Lectins are carbohydrate binding proteins/glycoproteins with diverse biological applications and are considered as one of the potent anticancer agents in future. The anti tumor activities of lectins from different sources are well established with the proper illustration of its mechanism of action (Fang et al., 2011; Huang et al., 2012). A heterodimeric glycoprotein isolated from Abrus precatorius mediated caspase induced cell death in vitro and in vivo in human liver cancer cells. It decreased Akt phosphorylation, HSP 90, CD 31 and Ki67 expression in HepG2 xenografted nude mice (Mukhopadhyay et al., 2014). Lectin from the fungus Sclerotium rolfsii exerted cytotoxic effects in human colon cancer cells by altering the expression of the genes involved in apoptosis, cell cycle regulation, MAPK and JNK signaling cascades (Barkeer et al., 2015). Mulberry belongs to the family of plants called Moraceae contains a number of lectins with varying sugar specificity. We have reported previously that an N-acetyl galactosamine lectin from Morus alba showed cell cycle arrest and caspase dependent apoptosis in human colon and breast cancer cells (Deepa and Priya, 2012; Deepa et al., 2012).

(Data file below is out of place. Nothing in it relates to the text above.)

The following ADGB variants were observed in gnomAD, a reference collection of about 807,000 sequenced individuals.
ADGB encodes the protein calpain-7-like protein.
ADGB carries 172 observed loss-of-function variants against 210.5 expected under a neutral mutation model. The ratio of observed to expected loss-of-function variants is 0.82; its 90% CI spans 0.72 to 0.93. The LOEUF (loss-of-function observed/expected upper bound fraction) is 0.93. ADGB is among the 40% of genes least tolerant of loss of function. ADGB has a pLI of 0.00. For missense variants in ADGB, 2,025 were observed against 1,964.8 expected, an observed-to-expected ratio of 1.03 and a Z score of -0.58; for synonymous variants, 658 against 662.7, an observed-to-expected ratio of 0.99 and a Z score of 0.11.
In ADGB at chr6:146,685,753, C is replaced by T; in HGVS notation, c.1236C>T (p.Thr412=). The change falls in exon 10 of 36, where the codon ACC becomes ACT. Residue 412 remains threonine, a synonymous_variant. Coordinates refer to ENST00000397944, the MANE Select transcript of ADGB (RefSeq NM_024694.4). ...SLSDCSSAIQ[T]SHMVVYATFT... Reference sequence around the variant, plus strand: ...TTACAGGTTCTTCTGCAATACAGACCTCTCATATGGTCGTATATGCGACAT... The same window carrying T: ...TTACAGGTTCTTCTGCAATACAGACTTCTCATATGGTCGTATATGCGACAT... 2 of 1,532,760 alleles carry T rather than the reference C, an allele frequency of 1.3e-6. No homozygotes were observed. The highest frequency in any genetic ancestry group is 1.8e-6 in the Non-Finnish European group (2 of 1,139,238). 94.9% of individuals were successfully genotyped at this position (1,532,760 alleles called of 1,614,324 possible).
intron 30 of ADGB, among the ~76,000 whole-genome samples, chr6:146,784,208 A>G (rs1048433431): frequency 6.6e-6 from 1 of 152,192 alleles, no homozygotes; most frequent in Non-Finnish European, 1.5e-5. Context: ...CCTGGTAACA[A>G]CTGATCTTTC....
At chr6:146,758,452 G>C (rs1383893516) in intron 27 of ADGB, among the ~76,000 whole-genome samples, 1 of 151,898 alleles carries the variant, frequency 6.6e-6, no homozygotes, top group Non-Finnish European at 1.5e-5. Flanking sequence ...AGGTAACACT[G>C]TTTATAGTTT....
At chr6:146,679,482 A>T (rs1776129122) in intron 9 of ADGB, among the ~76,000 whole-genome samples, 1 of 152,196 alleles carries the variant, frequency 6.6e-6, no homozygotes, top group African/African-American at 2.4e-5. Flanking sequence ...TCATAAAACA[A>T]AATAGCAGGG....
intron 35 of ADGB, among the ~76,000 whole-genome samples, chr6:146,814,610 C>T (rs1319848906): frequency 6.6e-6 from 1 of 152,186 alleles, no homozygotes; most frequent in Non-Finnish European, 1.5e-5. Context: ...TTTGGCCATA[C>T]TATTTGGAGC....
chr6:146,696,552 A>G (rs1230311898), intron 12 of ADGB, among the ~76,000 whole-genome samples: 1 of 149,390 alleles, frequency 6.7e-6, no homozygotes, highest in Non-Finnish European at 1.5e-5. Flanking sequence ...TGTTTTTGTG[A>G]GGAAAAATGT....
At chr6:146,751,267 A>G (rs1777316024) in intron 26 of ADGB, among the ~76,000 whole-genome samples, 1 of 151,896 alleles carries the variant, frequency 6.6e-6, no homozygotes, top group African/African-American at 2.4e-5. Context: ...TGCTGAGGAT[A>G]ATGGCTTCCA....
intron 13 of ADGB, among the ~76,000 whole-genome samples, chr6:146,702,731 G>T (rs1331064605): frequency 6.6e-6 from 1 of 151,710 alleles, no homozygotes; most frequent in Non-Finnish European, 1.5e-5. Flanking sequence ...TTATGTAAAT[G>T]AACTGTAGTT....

Interaction of cells with the neighboring cells as well as to the extracellular matrix (ECM) maintains the normal development and homeostasis. Anoikis is a type of programmed cell death triggered by the loss of proper cell-ECM interaction. The ability of cancer cells to evade from the programmed cell death once it detach from the primary tumor microenvironment (anoikis resistance) helps the cells to survive in the circulatory system for a long time which causes metastasis. Induction of anoikis in detached cancer cells is an efficient way to prevent the reoccurrence of cancer in distant organs (Simpson et al., 2008; Westhoff and Fulda, 2009). Breakdown of anoikis leads to the occurrence of cancer in epithelial as well as non-epithelial cells (Shanmugathasan and Jothy, 2000; Hu et al., 2001). Complex regulatory mechanisms are involved in the induction of anoikis and its resistance in cancer cells. Anoikis can be either through the intrinsic pathway by the activation of mitochondrial proapoptotic class 2/3 BCl2 family proteins or through extrinsic death receptor mediated activation of caspase 8. Once the cells detached from the ECM, Bax-Bak oligomers assemble on the mitochondrial outer membrane; thus the Bim and Bid are getting activated. When the cell-ECM contact is lost, association of Bim with the dynein complex ends and it move to mitochondria. Moreover, phosphorylation of Bim by ERK and PI3K/Akt targets this protein for proteasomal degradation (Chiarugi and Giannoni, 2008). Transcriptional regulation of Noxa and Puma, the class 3 BCl2 family of proteins by p53 have major significance in fibroblast anoikis (Nakano and Vousden, 2001). In the extrinsic pathway overexpression of the negative form of death receptor FADD failed to recruit caspase 8 to DISC complex and inhibit anoikis (Rytomaa et al., 1999).